For many, philanthropy and charitable giving is an important part of their life. For these philanthropic individuals, it is common to leave assets at the time of their death in order to continue the legacy. However, at the same time, it is still important to minimize their tax burden both during their life and for their family after their passing. Utilizing a planned gift is a great option. A Houston planned giving strategy allows individuals to make larger gifts to charitable organizations than they would be able to from their ordinary income.
By definition, a planned gift is any major donation to a non-profit made during a person’s lifetime or at their death as a part of the person’s estate planning. These gifts include life insurance, real estate, personal property, and cash.
Types of Charitable and Planned Giving
There are three types of planned gifts: outright gifts, gifts that return financial benefits, and gifts payable upon the donor’s death. First, outright gifts are those that use appreciated assets, such as real estate and personal property, as a substitute for cash. Second, there are gifts that return income or other financial benefits to the donor in return for the contribution. Examples of this would include life insurance policy proceeds or retirement, where the donor is able to avoid income and estate taxes in exchange for their donation. There are also gifts payable upon the donor’s death, which often are incorporated into a person’s estate plan. Here, a person will often incorporate into their will or estate plan a dollar amount or percentage of their estate they would like a non-profit to receive after they have died.
An individual can gift items such as artwork, collectibles, equipment, or other tangible property to a charitable organization. In return, the person will receive a charitable deduction, equivalent to the item’s market, with no capital gains liability. Similarly, a donor can designate a non-profit organization as their life insurance policy beneficiary, where at the time of their death, the non-profit will receive the proceeds. This is often more than a person would be able to otherwise donate outright. Additionally, the donor’s heirs benefit from this gift as the life insurance proceeds given to the charity are exempt from the estate tax.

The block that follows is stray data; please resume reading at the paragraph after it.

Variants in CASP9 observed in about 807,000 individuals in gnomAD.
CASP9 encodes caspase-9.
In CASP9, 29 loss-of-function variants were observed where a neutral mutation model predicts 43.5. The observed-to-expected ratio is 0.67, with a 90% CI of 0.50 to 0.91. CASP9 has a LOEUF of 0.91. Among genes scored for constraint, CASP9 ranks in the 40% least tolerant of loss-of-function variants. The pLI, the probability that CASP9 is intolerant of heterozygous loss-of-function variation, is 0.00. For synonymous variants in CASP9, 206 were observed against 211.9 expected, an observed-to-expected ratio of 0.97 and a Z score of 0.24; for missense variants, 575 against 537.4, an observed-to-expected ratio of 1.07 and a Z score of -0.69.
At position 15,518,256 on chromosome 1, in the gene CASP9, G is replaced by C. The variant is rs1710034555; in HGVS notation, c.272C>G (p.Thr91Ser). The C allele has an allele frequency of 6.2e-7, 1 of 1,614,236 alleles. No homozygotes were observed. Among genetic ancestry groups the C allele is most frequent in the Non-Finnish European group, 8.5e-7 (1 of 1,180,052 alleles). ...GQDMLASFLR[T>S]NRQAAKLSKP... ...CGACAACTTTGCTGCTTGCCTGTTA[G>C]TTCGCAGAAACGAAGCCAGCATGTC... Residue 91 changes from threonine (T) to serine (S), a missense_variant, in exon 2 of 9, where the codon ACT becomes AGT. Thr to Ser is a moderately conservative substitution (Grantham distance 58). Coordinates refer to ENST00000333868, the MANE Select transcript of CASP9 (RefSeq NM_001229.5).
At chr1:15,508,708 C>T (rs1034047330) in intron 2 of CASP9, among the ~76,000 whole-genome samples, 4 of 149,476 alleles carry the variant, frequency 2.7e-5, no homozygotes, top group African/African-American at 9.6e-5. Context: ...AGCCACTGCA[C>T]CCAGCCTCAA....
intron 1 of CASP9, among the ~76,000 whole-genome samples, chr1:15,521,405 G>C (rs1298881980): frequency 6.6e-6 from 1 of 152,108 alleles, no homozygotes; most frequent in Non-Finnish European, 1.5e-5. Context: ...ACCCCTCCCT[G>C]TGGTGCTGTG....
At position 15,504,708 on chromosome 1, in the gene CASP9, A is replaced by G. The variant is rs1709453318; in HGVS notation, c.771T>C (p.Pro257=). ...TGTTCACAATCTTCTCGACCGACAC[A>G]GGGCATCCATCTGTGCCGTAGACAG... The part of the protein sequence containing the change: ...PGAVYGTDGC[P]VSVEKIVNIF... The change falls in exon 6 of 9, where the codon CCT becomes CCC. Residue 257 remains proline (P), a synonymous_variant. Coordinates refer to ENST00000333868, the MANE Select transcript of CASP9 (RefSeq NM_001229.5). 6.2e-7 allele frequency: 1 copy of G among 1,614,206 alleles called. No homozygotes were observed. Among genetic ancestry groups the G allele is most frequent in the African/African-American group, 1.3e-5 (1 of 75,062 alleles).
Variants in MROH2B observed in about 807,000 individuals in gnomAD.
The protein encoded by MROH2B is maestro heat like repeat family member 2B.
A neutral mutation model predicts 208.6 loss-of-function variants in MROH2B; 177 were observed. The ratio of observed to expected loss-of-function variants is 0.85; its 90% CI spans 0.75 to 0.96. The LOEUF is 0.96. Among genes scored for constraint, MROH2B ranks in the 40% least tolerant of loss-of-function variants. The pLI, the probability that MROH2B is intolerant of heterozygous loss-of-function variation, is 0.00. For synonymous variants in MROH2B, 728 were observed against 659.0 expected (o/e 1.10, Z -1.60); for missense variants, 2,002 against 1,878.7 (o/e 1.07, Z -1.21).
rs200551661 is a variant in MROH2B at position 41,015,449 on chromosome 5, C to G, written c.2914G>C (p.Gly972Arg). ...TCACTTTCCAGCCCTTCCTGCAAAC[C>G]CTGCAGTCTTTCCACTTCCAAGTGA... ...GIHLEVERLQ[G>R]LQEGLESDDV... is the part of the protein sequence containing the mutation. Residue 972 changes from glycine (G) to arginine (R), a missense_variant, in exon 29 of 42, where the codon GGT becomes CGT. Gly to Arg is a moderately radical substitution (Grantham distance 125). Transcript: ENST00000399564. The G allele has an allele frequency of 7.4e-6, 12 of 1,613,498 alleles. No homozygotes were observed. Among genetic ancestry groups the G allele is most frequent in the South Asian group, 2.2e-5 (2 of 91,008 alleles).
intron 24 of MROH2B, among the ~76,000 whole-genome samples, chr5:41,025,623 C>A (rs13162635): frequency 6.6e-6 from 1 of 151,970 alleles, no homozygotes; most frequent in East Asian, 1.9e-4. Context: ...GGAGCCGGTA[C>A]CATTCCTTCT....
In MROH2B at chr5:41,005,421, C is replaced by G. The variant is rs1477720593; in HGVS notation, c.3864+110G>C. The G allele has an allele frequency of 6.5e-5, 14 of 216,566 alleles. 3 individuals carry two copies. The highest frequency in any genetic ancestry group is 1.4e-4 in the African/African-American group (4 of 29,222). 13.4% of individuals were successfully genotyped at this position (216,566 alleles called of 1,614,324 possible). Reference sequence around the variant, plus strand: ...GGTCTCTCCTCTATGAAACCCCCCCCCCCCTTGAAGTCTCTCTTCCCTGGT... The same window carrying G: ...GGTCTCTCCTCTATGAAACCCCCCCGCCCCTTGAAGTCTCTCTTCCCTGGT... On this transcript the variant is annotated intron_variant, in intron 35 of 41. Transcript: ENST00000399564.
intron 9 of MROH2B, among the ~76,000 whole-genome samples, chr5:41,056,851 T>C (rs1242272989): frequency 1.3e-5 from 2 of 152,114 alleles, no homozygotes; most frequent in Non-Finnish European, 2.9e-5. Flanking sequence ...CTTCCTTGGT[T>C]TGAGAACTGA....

On the other hand, annual gifts, or membership dues for charitable organizations, do not have the same financial incentives. These gifts must come from the donor’s discretionary income, and although they may be budgeted for, they are not planned in the same manner.
Planned gifts not only are extremely helpful to the non-profit organizations that need donations to continue their philanthropic mission, but also to the donor who receives tax benefits. Because planned gifts can often be complicated to incorporate into a person’s estate plan, interested donors should contact an experienced estate planning attorney who can help.
Are You Interested in Including a Planned Gift as Part of Your Estate Plan?
If you or a loved one is interested in adding a planned gift to your current estate plan, or are interested in creating a Houston estate plan, contact the attorneys at McCulloch & Miller, PLLC. With a team of experienced lawyers ready to assist you, we will help meet your specific needs and ensure your estate plan is up to date and complies with relevant laws. To speak to one of our dedicated attorneys, and to schedule a risk-consultation, call us at 713-333-8900 today.